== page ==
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We’ve learned how to create arrays that contain values. But how can we access the values stored in arrays?

While having a list of numbers in a program might look nice, we need to access values to do useful computation. We need to use or modify individual values to perform activities such as:

• finding the sum of all the elements (or some other value)
• updating a value for a particular element
• searching for a particular value within the array
• Update a value for a particular element
• Search for a particular value within the array

Without being able to access or change values, an array is only a pretty list! To access elements of an array, we use something called indexing. As mentioned before, each element of an array has an index.

One thing that often confuses new programmers is the index at the start of the array. Go uses `0` as the first index of the array, meaning that it stores the first element at index 0. It might be tempting to try and access the first element with index 1, but this will access the second element.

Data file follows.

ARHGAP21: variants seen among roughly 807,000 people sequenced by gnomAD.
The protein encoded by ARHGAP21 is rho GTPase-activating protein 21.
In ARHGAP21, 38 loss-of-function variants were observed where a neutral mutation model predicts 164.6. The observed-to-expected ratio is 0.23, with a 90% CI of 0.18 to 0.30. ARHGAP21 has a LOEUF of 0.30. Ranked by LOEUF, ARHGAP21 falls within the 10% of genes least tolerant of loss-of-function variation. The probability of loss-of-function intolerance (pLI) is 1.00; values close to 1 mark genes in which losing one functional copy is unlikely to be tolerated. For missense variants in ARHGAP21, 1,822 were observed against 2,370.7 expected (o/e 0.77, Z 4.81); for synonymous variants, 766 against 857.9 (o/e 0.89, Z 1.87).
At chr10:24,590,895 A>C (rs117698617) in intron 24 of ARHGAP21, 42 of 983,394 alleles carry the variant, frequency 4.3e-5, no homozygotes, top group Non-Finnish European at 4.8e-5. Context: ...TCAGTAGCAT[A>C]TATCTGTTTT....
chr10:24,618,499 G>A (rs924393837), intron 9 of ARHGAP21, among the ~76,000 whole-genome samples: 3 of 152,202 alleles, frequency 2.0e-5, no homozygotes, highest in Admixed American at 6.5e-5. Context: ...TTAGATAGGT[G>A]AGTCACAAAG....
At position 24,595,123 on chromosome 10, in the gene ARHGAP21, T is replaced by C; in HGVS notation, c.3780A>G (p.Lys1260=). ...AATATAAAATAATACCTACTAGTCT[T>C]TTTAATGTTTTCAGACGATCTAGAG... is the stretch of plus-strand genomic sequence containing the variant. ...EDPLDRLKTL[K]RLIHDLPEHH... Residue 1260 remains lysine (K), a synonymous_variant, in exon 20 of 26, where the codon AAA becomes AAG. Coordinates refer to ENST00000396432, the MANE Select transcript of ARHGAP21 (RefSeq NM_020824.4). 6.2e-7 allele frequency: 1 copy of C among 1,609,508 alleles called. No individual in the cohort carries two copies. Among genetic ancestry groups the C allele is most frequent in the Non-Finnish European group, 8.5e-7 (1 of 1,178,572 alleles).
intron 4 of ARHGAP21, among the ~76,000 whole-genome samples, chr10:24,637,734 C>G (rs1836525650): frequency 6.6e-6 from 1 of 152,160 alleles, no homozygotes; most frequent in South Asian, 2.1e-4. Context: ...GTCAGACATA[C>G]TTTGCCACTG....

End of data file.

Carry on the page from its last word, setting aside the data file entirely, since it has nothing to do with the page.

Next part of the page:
Let’s take a look at accessing an array of student names, defined here:

``````students = string{"Jill", "Fred", "Sasha"}
// Access the first element of the array
fmt.Println(students)
// Output: Jill
// Access the third element of the array
fmt.Println(students)
// Output: Sasha
// Store the second element into a variable
secondStudent := students
// Print it
fmt.Println(secondStudent)
// Output: Fred``````

Accessing array elements is helpful, but we often need to change values stored in our array. Modifying array values will be the subject of our next exercise.

First, let’s practice accessing elements for use in our computations.

### Instructions

1.

We are finally able to start completing our math homework!

Use array indexing to print out the largest angle in the array.

2.

Use array indexing to store the sum of all the triangle angles into a `sum` variable.

3.

Print out the sum!